The panel members also explained that mentors are more likely to help male students in graduate or post-doctorate  programs because the mentors themselves are often male. “Male mentors of mine would advocate for their male mentees because they saw themselves in the young men,” Cohen said. “That’s a much more challenging situation to even notice.”

Rebecca Taurog, professor of chemistry, concurred. “In my experiences it has been about the covert… these subtle differences,” she said. The panel agreed that subtle discrimination like Cohen’s example is the most common that women pursuing a scientific career today face. Bolton urged women considering graduate programs in the sciences to look into larger programs. “Here we tend to think about smallness as the thing that is most nurturing,” she said. However, that isn’t always the case for graduate programs. She found that in her larger graduate program, “there were some productive conversations that were able to happen in coalition … because there were a lot of us, not in terms of percentage, but in terms of population.”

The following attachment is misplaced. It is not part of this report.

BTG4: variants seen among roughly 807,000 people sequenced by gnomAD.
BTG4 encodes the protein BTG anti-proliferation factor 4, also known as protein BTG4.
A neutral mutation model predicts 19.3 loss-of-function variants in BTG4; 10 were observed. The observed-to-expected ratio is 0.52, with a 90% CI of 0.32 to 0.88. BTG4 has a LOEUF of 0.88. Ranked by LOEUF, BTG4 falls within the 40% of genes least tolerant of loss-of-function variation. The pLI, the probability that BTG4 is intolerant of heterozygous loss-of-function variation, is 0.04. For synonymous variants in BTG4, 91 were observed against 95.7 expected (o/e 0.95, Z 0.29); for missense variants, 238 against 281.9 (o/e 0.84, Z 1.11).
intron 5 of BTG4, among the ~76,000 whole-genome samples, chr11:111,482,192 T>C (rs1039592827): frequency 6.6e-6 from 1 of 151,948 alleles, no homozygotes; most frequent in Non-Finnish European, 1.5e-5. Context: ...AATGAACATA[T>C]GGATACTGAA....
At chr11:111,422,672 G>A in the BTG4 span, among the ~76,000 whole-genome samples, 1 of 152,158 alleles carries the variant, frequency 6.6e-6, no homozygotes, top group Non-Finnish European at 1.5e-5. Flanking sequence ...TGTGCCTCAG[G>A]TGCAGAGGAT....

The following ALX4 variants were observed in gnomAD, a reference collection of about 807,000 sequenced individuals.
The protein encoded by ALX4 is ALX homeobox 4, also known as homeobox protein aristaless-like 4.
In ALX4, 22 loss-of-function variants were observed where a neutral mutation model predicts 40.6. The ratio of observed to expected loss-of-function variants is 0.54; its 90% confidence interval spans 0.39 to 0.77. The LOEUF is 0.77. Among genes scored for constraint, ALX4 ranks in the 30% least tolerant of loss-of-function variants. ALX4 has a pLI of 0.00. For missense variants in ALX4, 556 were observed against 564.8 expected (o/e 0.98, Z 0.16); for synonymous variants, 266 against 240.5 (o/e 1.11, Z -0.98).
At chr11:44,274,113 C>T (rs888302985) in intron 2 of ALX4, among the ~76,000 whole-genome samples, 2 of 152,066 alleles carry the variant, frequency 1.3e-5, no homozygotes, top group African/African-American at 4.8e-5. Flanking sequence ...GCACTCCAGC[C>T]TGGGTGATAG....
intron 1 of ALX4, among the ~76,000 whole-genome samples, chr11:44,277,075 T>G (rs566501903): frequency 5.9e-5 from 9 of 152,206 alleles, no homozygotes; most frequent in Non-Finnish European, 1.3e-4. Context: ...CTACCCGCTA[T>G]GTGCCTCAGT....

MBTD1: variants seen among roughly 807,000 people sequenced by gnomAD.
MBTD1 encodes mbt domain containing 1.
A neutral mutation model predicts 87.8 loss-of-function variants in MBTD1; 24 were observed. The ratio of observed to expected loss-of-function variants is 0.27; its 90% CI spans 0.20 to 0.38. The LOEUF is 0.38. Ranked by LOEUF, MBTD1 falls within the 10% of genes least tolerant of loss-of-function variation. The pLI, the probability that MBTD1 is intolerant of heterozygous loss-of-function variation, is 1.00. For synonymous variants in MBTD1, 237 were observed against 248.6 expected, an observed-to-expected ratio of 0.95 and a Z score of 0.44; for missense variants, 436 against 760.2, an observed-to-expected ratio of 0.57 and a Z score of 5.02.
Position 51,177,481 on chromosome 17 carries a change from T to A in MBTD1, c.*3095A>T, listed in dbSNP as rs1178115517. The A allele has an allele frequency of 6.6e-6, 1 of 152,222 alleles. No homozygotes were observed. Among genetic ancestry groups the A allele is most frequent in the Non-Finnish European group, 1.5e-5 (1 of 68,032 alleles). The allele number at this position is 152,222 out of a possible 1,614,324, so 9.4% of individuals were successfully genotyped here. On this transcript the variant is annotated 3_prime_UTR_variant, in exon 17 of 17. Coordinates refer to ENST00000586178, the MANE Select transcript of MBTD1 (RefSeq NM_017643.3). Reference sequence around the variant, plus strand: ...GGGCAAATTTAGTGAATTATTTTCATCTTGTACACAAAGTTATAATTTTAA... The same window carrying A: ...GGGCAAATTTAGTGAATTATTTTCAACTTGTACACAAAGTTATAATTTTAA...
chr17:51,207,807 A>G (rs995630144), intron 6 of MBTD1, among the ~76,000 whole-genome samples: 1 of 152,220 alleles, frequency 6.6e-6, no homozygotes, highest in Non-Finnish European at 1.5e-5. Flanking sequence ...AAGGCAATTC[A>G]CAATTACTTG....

The conversation then turned to the importance of mentors and how to address situations in which a mentor may treat female mentees different than male mentees. Andrea Danyluk, professor of computer science, said that finding an advisor with whom you can work well is as important as taking interest in what his or her lab is researching. “One thing that is important to keep in mind is that so many of us like so many different things, and a relationship with an advisor is such an important thing,” she said. Both Lee Park, professor of chemistry, and Danyluk shared stories about leaving research groups because of the poor treatment of women. Cohen advised the women in the audience, saying, “there are situations where you need to advocate for yourself.” The panel also cautioned the women to do so respectfully. “You do have to remember that this is the person that is going to be writing letters of recommendation for you,” Skinner said. “You have to be careful how you present yourself to them.” The entire panel emphasized the significance of having a good relationship with an advisor as well as maintaining healthy relationships with a group of friends.